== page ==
Al Jirikowic

‘Dissociative fugue’ is a type of amnesia that is caused by an extreme psychological trauma instead of physical trauma, illness, or other medical condition. It’s severe, and considered rare.
If we review a few articles of recent Art News, clearly the main theme revolves around activities that provide for the Covid19 closed down art world, substituted for the old normal. A virtual experience is this new normal. The only art world in which we can engage, as opposed to being locked out. We may now experience art as a virtual reality and therefore be somewhere other than an ‘art space’ to partake in the provided art. Via a digital device as opposed to risking our lives to see an exhibition in person. We are still invited to peruse or witness or observe the art from our own selected vantage point, but now it is through our personal digital device. We consent to accept the digitized ‘trans-piction’, viewing the electronic mode of what is photo-electronically, selectively, (we can only see what is transferred) ‘shot’ on to our eyes, on a screen of some sort. We have no angle of option to view the work, or stance or perspective, no partaking in gallery circumstance or light quality or speaking to a guard or some other stranger who stands next to us, gazing at the same work. We only see what the screen allows. Hence, our subjectivity of experience is determined not only by the technology involved but also by the application of the presenter-camera view-choice he or she chooses for us to see, for better or for worse.
I would say ‘for worse’. It is useless to deny it is otherwise. There is no substitute for actually standing in front of an object you chose to look at, and take it in over time. This is the critical interplay that is absolutely vital in the experience of art and we are kidding ourselves to think otherwise. Why is this such a problem for us to admit? Why are art magazines just talking about art sales or hot ‘identitarian’ quasi political issues, as opposed to the nature of art, especially in this seemingly culturally restricted social environment? We had an art world crisis before the pandemic, without forgetting the social and educational crises that the wider society contends with.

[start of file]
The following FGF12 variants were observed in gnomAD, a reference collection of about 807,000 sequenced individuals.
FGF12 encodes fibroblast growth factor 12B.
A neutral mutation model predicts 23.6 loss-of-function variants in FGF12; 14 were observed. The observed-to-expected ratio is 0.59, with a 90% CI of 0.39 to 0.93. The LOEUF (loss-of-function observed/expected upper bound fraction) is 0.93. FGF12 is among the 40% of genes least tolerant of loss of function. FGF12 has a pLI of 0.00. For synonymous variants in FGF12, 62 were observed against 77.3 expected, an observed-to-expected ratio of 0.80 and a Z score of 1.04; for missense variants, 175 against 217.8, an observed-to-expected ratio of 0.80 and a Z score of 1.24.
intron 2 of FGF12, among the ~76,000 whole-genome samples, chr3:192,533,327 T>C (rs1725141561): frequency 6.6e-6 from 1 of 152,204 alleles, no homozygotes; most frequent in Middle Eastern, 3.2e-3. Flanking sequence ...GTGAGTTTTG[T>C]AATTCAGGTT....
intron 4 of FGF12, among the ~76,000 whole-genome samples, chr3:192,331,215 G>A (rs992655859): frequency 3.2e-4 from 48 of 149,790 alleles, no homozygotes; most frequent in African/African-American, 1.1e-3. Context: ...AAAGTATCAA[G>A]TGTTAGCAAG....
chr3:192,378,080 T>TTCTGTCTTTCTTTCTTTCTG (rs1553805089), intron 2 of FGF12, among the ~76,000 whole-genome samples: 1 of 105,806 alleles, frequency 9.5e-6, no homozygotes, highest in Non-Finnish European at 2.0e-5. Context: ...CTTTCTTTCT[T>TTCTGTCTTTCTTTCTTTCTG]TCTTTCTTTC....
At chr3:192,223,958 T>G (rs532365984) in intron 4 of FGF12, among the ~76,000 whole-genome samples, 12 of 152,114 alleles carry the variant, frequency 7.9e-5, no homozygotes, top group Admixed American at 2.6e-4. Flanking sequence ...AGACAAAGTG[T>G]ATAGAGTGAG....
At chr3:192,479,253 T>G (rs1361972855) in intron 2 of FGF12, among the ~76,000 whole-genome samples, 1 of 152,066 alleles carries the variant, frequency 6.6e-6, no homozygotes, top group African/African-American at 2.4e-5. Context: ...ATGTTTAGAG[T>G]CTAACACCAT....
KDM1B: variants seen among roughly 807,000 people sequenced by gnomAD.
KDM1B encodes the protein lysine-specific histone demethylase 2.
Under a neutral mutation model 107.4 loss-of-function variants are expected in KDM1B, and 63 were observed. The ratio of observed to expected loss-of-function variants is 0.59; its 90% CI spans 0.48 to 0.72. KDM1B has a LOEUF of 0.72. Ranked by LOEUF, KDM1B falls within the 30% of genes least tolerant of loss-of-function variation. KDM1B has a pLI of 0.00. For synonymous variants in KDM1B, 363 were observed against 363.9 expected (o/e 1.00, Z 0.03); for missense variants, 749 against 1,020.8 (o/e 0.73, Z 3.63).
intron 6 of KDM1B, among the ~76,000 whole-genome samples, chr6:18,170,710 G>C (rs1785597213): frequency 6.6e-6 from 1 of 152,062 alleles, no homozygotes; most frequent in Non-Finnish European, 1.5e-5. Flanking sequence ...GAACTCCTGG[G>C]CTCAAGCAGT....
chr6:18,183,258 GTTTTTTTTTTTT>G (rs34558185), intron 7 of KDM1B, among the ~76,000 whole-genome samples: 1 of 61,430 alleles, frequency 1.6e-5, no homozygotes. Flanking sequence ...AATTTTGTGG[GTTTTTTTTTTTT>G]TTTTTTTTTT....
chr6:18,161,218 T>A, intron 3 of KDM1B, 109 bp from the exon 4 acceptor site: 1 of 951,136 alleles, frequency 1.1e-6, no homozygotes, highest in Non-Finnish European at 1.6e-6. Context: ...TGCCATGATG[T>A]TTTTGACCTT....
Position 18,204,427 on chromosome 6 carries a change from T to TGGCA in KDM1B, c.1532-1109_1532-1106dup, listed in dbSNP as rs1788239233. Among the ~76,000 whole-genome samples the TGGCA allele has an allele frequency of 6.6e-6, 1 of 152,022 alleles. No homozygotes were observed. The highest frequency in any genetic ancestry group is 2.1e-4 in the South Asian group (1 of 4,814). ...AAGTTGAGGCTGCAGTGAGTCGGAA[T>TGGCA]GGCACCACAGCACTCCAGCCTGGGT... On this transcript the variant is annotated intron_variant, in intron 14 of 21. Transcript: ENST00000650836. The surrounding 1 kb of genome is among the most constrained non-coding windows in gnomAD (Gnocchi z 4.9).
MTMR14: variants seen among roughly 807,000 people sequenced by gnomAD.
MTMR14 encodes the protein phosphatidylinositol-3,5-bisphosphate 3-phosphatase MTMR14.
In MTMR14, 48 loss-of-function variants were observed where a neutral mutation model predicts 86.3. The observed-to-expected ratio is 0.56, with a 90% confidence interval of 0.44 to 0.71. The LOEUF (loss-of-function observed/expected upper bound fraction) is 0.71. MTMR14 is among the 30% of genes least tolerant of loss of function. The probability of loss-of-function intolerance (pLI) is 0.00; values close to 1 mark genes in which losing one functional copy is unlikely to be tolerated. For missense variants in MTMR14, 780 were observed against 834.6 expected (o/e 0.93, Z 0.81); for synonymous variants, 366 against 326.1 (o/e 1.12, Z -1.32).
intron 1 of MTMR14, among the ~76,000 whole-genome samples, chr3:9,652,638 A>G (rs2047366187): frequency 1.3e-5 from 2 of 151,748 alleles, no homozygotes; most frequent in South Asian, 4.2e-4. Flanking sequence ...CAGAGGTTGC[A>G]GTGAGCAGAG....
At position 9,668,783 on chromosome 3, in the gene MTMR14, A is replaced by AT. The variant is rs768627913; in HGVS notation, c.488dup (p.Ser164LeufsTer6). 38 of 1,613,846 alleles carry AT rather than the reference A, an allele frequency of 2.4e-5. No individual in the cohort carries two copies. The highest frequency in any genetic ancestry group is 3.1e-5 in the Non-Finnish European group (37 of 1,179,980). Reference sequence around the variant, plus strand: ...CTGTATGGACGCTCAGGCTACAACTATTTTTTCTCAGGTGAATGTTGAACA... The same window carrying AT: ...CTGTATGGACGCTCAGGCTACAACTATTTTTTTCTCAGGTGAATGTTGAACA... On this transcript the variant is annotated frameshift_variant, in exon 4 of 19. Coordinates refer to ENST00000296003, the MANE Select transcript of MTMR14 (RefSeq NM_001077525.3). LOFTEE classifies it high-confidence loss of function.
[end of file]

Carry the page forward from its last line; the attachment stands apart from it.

We are enraptured, our physicality embodied in technology. This ongoing notion of technology has been crucial to the history of art. But why would we ever deny the current vantage point of technology when it is absolutely omnipresent in practically everything we do on earth? There is no way to vanquish our dependence on electronic trans-communication or data collection interface with our techno-directed lives in any aspect of living let alone the back burner of art. The digitalization of art and it’s selling did not skip a beat as suddenly we were able to partake in zoom art events or digital theatre or social media spelling out culture as Covid-19 swept the world. Yet there is something deeply wrong with this picture.
The irony of the coronavirus effect is the sunshine that plays over the condition of our depressed cultural behavior which existed before this plague. I would say we have been oblivious to our state of cultural disconnect and the banality of our art world for two generations. We just accepted whatever was presented to us. Our nameless cultural march was totally packaged, processed, commercialized and zoomed. We were full swing into techno-addiction, this mindless consumption, hollow blather imagery. Have you found anything important or with a sense of posterity displayed in the myriad of art on show in the last – oh I do not know how long. Too long. Of course this situation has evolved for many reasons. Covid-19 just pushed it over the top and onto the open ground of our very confused living. Are we waking up yet with egg on our faces?